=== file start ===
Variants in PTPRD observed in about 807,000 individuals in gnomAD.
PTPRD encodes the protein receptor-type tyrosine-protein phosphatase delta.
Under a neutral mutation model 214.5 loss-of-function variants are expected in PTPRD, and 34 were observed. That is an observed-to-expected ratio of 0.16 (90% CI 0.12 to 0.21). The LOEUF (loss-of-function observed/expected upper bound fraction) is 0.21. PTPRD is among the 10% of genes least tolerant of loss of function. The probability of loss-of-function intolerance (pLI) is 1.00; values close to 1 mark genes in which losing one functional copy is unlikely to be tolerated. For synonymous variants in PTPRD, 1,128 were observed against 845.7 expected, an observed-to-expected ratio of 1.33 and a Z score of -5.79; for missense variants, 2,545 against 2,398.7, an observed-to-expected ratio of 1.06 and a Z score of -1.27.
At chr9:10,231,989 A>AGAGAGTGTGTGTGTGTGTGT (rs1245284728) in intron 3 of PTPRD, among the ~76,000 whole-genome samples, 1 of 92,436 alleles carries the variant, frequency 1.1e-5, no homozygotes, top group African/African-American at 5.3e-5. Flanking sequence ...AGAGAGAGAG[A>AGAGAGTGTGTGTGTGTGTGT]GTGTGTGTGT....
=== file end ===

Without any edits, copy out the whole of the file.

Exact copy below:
Variants in PTPRD observed in about 807,000 individuals in gnomAD.
PTPRD encodes the protein receptor-type tyrosine-protein phosphatase delta.
Under a neutral mutation model 214.5 loss-of-function variants are expected in PTPRD, and 34 were observed. That is an observed-to-expected ratio of 0.16 (90% CI 0.12 to 0.21). The LOEUF (loss-of-function observed/expected upper bound fraction) is 0.21. PTPRD is among the 10% of genes least tolerant of loss of function. The probability of loss-of-function intolerance (pLI) is 1.00; values close to 1 mark genes in which losing one functional copy is unlikely to be tolerated. For synonymous variants in PTPRD, 1,128 were observed against 845.7 expected, an observed-to-expected ratio of 1.33 and a Z score of -5.79; for missense variants, 2,545 against 2,398.7, an observed-to-expected ratio of 1.06 and a Z score of -1.27.
At chr9:10,231,989 A>AGAGAGTGTGTGTGTGTGTGT (rs1245284728) in intron 3 of PTPRD, among the ~76,000 whole-genome samples, 1 of 92,436 alleles carries the variant, frequency 1.1e-5, no homozygotes, top group African/African-American at 5.3e-5. Flanking sequence ...AGAGAGAGAG[A>AGAGAGTGTGTGTGTGTGTGT]GTGTGTGTGT....